I’m not sure I quite understand where Josef Joffe comes from. Or, rather, why it is that a certain number of editors seem to feel that North America can’t supply a sufficient supply of wingnutty commentary on foreign policy without importing additional labor from Germany. But for whatever reason, Joffe has firmly established himself on the post-9/11 scene as Europe’s premiere purveyor of ludicrous neoconservative arguments. In yesterday’s Wall Street Journal he offered a forecast of the things that would happen if the US were to withdraw from Iraq:
- “Iran advances to No. 1, completing its nuclear-arms program undeterred and unhindered.”
- The Sunni Arab states “are drawn into the Khomeinist orbit.”
- “[E]mboldened jihadi forces shift to Afghanistan and turn it again into a bastion of Terror International”
- “Syria reclaims Lebanon”
- “Hezbollah and Hamas . . . resume their war against Israel”
- “Russia . . . rebuilds its anti-Western alliances”
One might note that Joffe’s thinking about this essentially parallels the paranoid fantasies of the domino theorists, but Joffe actually acknowledges as much but just insists that this time things are different. But this is crazy. Iran may or may not build a nuclear bomb, but our ability to prevent this won’t be seriously impacted by our presence or absence in Iraq. Similarly, anti-Israel violence from Hamas and Hezbollah wax and wane according to those groups’ own imperatives, it has nothing to do with Iraq. And, again, anti-Syrian forces in Lebanon either can or can’t resist Syrian efforts to impose its will. Outside powers like the United States and France may or may not be able to help sympathetic groups in Lebanon. Having tens of thousands of American countries engaged, at great expense, in an unpopular occupation of a nearby country is neither here nor there.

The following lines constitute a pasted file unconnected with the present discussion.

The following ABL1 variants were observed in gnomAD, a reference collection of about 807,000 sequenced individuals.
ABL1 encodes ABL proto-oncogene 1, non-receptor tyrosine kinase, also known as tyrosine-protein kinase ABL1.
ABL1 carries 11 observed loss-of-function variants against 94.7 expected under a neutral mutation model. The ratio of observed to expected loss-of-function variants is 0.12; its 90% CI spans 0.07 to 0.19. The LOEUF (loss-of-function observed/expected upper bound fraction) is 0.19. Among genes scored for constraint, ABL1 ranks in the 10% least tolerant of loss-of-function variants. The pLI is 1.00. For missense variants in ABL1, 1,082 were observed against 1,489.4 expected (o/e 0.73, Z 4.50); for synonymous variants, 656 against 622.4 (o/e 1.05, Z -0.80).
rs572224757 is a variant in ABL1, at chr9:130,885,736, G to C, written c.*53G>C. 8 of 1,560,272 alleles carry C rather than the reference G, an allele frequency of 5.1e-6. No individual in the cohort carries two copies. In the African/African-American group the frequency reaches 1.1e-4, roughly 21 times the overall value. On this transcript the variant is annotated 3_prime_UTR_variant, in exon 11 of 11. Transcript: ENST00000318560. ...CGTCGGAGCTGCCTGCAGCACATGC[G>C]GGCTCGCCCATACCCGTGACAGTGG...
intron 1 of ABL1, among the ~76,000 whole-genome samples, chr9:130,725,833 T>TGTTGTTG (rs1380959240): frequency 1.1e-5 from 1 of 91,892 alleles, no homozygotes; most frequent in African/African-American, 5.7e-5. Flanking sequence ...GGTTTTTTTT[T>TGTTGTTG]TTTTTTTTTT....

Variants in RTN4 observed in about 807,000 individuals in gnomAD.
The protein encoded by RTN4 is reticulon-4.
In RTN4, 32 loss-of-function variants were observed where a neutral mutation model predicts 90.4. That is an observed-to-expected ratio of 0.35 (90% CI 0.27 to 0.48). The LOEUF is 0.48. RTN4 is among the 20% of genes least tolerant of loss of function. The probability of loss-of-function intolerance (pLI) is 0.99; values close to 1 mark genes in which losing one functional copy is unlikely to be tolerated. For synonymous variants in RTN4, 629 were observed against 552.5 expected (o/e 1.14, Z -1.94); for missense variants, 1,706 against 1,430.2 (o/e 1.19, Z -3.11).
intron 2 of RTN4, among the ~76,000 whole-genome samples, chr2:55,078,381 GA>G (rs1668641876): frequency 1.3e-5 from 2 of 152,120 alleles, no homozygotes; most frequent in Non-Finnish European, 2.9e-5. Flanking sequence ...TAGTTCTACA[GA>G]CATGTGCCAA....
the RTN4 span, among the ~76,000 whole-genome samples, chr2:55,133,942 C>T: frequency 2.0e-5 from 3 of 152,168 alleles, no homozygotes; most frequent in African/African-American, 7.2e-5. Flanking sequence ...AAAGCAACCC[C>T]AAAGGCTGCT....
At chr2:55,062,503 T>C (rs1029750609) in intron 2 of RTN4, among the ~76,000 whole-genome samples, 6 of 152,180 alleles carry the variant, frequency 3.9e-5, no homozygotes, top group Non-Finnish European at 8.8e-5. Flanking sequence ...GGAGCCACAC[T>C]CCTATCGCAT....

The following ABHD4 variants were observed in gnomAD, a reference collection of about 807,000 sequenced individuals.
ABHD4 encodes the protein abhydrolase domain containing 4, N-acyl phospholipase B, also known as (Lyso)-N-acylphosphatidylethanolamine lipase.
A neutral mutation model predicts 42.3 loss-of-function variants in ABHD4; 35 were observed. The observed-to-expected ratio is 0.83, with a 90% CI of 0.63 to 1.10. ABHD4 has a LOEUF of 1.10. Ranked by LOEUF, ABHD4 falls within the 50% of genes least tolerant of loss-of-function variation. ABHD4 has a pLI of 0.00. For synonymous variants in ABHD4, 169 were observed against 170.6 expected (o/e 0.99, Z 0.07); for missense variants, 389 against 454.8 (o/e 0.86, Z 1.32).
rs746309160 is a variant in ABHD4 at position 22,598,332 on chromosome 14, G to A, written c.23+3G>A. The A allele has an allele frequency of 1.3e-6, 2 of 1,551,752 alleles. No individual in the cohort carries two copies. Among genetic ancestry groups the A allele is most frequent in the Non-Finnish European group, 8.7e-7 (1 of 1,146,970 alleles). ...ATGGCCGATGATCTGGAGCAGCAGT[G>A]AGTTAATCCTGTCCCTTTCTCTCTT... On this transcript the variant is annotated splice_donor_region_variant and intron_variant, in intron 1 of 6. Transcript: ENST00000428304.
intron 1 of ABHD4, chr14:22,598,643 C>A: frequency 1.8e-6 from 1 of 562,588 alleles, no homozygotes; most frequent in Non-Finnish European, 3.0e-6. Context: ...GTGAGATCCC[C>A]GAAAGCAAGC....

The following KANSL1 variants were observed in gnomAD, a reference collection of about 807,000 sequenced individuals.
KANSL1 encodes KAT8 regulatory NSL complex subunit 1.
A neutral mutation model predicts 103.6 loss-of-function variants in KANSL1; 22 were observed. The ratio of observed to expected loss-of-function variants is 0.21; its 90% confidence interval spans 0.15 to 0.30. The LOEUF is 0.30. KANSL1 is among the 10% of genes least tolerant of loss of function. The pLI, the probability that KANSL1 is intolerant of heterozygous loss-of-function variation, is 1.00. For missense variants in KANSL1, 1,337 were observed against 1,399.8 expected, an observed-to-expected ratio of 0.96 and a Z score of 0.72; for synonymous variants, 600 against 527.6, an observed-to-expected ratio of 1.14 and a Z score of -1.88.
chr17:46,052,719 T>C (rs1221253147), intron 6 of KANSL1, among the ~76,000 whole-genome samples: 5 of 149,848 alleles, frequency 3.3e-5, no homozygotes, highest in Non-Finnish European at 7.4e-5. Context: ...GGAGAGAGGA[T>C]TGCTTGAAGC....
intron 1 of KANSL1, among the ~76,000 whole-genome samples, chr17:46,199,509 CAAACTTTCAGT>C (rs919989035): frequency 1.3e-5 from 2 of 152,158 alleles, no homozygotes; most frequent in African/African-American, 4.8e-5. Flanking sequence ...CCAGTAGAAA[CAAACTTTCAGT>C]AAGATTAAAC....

Why would the Sunni Arab states be drawn into the Khomeinist orbit? What would this even mean? Will Hosni Mubarak convert to Shiism? Will the UAE just hand its oil over to Teheran? It’s very hard to imagine any of our friends in the region deciding that Russia would be a more useful ally than the United States, and if Iran already dominates the whole region then it’s hard to believe Russia will be able to dominate it too. By the end, Joffe has the whole world collapsing into anarchy as American hegemony collapses:
For all the damage to Washington’s reputation, nothing of great import can be achieved without, let alone against, the U.S. Can Moscow and Beijing bring peace to Palestine? Or mend a global financial system battered by the subprime crisis? Where are the central banks of Russia and China?
These are good questions, but the answer is, of course, that the United States will still be the world’s primary economic and military power no matter what happens in Iraq. The United States is, simply put, not nearly so fragile as Joffe imagines. We’ll still have our 300 million people and our $13 trillion GDP and our aircraft carriers, universities, etc. All that stuff that made us an important and powerful country in the first place is still here. We’ve been seeing in Iraq that it doesn’t make us omnipotent. Joffe is acting like facing up to that reality in Mesopotamia would somehow reveal all the rest as just a mirage, but it’s all real. America and the world will survive.